Inside Pulse 12

Review: Michael Bay’s Power Of Myth In 13 Hours



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13 Hours: The Secret Soldiers of Benghazi is Michael Bay at his most retrained. A filmmaker whose cinematic oeuvre included the beginnings of Will Smith’s ascent to movie stardom in the late 1990s (Bad Boys); a Mexican standoff sans Mexicans in a prison shower room between Navy SEALs and a renegade general (as seen in The Rock); and a transforming robot pissing (ahem, lubricating) on John Turturro, Michael Bay has made his career on style and technique, not as a storyteller.

Having already presented us with the factually inaccurate Pearl Harbor more than a decade ago, Bay goes gung-ho again by presenting a blend of truth and distortion of what happened September 11-12, 2012, when Islamic militants attacked both a diplomatic compound in Benghazi and the clandestine CIA outpost a mile away. Going for realism in a fictional medium, Bay can’t help but include some of his hallmark “Bay-isms.” A point-of-view shot of a bomb falling. The stars and stripes waving or fallen, tattered. 13 Hours stirs up emotion, some of it earned, other times complicated, for a disaster that became a political football leading to Congressional hearings (aka FOX News presents “The Hillary Clinton Show”).

Sidestepping politics – not really – for a more in-the-moment story that pits the contrasting depictions of the CIA’s Global Response Staff (GRS) and their Ivy League-educated overseers – which is like getting Revenge of the Alpha-Betas (poor Lambdas) – plus the hundreds of militants looking to shed American blood, and it’s easy to get caught up in the us against them mentality. But because the story is the accounts from the security team that defended the American diplomatic compound we only get half of the story. This seems to be par the course in making audiences more receptive to current wartime movies, placing emphasis on the heroism in the fog of war and avoiding the minutiae (see also Lone Survivor).

Beginning with preface text to set the stage of the current state of affairs in a destabilized Libya we meet protagonist Jack Da Silva (John Krasinski, moving from “The Office” to undergo the same extreme sitcom makeover that Chris Pratt received). He’s joining up with the GRS security team across the Atlantic leaving his wife to contend with the children and family matters. James Badge Dale is Tyrone “Rone” Woods, a natural leader and obstinate adversary to the pencil-pushing CIA base chief (David Costabile). The Chief is a Poindexter egghead so we are instantly bent to loathe his cecity to the growing threat. His inaction is a denotation of what’s wrong with our nation’s foreign policy; an overt nudge to the Obama administration. The GRS may refer to themselves at “alphas” at one point, but the chief puts his foot down with a “You’re not a first responder. You’re the last resort.” response. Rone counters when the proverbial shit hits the fan with, “You’re not giving the orders anymore. You’re taking them.”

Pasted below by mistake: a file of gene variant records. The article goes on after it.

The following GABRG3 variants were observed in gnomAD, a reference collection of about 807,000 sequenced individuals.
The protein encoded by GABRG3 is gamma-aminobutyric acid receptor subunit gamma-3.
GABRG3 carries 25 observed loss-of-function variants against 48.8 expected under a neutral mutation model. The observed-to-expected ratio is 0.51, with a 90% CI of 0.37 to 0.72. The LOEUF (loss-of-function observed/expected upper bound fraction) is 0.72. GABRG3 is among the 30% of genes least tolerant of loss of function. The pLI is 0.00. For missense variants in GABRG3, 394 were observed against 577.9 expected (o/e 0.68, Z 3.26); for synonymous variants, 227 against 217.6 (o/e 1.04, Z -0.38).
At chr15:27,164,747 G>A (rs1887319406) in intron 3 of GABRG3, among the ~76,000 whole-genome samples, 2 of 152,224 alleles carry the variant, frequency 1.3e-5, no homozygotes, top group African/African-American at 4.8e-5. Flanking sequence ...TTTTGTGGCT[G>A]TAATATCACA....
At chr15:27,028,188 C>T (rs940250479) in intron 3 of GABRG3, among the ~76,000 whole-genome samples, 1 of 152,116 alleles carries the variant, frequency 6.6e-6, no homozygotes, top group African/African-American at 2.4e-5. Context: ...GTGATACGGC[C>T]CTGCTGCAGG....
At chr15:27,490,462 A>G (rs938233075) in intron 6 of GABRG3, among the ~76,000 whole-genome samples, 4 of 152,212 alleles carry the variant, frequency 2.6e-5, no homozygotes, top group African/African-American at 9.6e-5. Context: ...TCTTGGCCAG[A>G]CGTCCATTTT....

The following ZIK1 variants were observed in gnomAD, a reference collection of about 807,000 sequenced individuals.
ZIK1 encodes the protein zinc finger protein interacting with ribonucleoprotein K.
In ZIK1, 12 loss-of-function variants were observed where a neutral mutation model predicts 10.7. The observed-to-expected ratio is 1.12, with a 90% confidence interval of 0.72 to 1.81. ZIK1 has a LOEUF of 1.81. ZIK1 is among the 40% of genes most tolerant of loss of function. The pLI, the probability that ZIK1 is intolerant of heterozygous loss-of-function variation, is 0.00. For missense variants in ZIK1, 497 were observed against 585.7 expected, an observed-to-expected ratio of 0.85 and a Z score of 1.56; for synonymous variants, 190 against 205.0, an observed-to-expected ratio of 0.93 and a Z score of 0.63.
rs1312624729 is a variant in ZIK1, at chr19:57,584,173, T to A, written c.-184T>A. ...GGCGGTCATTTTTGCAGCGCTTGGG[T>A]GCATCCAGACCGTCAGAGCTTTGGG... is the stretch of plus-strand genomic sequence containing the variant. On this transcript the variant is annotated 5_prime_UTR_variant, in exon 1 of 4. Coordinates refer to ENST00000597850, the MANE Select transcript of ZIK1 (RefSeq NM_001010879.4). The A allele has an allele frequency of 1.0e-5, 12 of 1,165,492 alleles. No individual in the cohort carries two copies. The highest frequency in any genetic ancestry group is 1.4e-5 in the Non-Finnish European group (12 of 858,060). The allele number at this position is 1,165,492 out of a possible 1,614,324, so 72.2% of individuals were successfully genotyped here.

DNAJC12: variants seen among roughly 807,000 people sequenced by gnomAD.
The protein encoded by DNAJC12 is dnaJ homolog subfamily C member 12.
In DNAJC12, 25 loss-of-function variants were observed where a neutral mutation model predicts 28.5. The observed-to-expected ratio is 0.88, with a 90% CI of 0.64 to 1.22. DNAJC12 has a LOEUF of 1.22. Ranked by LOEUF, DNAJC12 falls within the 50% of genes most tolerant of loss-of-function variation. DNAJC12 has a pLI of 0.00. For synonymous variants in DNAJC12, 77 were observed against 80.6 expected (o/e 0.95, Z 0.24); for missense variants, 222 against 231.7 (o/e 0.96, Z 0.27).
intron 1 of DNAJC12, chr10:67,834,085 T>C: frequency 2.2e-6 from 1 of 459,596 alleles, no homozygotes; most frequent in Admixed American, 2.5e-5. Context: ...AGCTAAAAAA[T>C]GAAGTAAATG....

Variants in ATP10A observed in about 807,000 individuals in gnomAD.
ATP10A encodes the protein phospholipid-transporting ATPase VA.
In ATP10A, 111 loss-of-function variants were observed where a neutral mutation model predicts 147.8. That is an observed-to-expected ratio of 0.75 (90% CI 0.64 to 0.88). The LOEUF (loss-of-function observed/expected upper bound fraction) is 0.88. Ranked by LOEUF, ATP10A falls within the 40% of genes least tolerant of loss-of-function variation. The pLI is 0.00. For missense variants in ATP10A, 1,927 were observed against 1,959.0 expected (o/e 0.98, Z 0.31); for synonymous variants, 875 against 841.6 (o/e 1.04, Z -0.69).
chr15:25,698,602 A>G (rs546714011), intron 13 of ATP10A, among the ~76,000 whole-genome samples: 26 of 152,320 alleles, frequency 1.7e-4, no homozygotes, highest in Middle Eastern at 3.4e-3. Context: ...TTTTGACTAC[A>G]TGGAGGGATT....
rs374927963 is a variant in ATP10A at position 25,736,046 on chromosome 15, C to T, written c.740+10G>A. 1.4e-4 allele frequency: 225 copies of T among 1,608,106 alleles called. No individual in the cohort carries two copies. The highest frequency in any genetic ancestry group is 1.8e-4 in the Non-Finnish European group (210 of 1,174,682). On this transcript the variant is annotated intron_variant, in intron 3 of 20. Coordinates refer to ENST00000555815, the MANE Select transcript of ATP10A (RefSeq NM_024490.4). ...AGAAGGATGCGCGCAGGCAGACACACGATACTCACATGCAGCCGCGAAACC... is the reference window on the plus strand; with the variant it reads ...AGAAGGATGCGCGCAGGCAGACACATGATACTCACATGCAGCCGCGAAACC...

The characters reference films like Black Hawk Down and Tropic Thunder, and GRS member “Boon” (David Denman) is even spotted reading Joseph Campbell’s The Power of Myth of which a passage finds its way into the story. “All the gods, all the devils, all the heavens are in you.” This may be a pinnacle for Michael Bay at about being deep and reflective without being overtly schmaltzy. (Sorry to the fans of Aerosmith’s “I Don’t Want to Miss a Thing.”)

Without trying to humanize the good Libyan fighters from those that want to see death to America, Bay is able to concentrate on the action with surgical precision. The insurgency at the diplomatic compound and later CIA outpost is some of the filmmaker’s most swiftly executed action pieces. Dion Beebe, who lensed Michael Mann’s Collateral and Miami Vice, shows his dexterity with Alamo siege-like firefights where enemy bodies fall by the dozens with poofs of blood hitting the air after bullets hit their marks. Might as well call it Call of Duty: Bay-ghazi.

13 Hours is slickly done and never dull, but it feels twenty minutes too long (it runs 144 minutes). The key characters are sketches too, not fully formed, yet the performances serve their roles. Which I guess is a sort of irony. The members of GRS are shown as being mythic in stature including the one caught reading The Power of Myth. Regardless of myth or reality, 13 Hours honors the heroism and the warriors, not necessarily the men.

Director: Michael Bay
Writer(s): Chuck Hogan, based on Mitchell Zuckoff’s “13 Hours: The Inside Account of What Really Happened In Benghazi”
Notable Cast: John Krasinski, James Badge Dale, Pablo Schreiber, David Denman, Max Martini, David Costabile, Toby Stephens

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